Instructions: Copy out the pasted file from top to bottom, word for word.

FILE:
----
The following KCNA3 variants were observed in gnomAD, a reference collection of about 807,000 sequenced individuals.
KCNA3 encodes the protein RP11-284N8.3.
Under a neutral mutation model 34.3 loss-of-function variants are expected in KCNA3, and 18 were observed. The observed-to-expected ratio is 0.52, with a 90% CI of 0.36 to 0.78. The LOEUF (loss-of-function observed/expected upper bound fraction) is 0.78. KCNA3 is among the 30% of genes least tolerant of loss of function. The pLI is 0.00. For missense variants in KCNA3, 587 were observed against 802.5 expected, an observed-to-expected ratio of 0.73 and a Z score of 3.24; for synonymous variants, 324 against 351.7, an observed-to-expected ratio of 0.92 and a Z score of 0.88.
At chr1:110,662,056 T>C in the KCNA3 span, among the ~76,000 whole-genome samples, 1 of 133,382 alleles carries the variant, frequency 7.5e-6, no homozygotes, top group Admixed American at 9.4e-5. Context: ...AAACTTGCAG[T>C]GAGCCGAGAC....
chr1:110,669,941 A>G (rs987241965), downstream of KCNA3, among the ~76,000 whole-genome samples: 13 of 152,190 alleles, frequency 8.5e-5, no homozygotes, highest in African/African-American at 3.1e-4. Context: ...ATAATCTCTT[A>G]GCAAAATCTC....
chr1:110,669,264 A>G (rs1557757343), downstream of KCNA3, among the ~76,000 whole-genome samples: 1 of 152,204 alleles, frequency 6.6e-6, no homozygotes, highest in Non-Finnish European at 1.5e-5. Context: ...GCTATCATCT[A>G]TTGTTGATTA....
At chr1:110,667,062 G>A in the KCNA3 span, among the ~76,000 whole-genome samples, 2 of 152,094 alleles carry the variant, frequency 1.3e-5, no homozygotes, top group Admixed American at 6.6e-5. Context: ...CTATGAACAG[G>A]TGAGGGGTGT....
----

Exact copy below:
The following KCNA3 variants were observed in gnomAD, a reference collection of about 807,000 sequenced individuals.
KCNA3 encodes the protein RP11-284N8.3.
Under a neutral mutation model 34.3 loss-of-function variants are expected in KCNA3, and 18 were observed. The observed-to-expected ratio is 0.52, with a 90% CI of 0.36 to 0.78. The LOEUF (loss-of-function observed/expected upper bound fraction) is 0.78. KCNA3 is among the 30% of genes least tolerant of loss of function. The pLI is 0.00. For missense variants in KCNA3, 587 were observed against 802.5 expected, an observed-to-expected ratio of 0.73 and a Z score of 3.24; for synonymous variants, 324 against 351.7, an observed-to-expected ratio of 0.92 and a Z score of 0.88.
At chr1:110,662,056 T>C in the KCNA3 span, among the ~76,000 whole-genome samples, 1 of 133,382 alleles carries the variant, frequency 7.5e-6, no homozygotes, top group Admixed American at 9.4e-5. Context: ...AAACTTGCAG[T>C]GAGCCGAGAC....
chr1:110,669,941 A>G (rs987241965), downstream of KCNA3, among the ~76,000 whole-genome samples: 13 of 152,190 alleles, frequency 8.5e-5, no homozygotes, highest in African/African-American at 3.1e-4. Context: ...ATAATCTCTT[A>G]GCAAAATCTC....
chr1:110,669,264 A>G (rs1557757343), downstream of KCNA3, among the ~76,000 whole-genome samples: 1 of 152,204 alleles, frequency 6.6e-6, no homozygotes, highest in Non-Finnish European at 1.5e-5. Context: ...GCTATCATCT[A>G]TTGTTGATTA....
At chr1:110,667,062 G>A in the KCNA3 span, among the ~76,000 whole-genome samples, 2 of 152,094 alleles carry the variant, frequency 1.3e-5, no homozygotes, top group Admixed American at 6.6e-5. Context: ...CTATGAACAG[G>A]TGAGGGGTGT....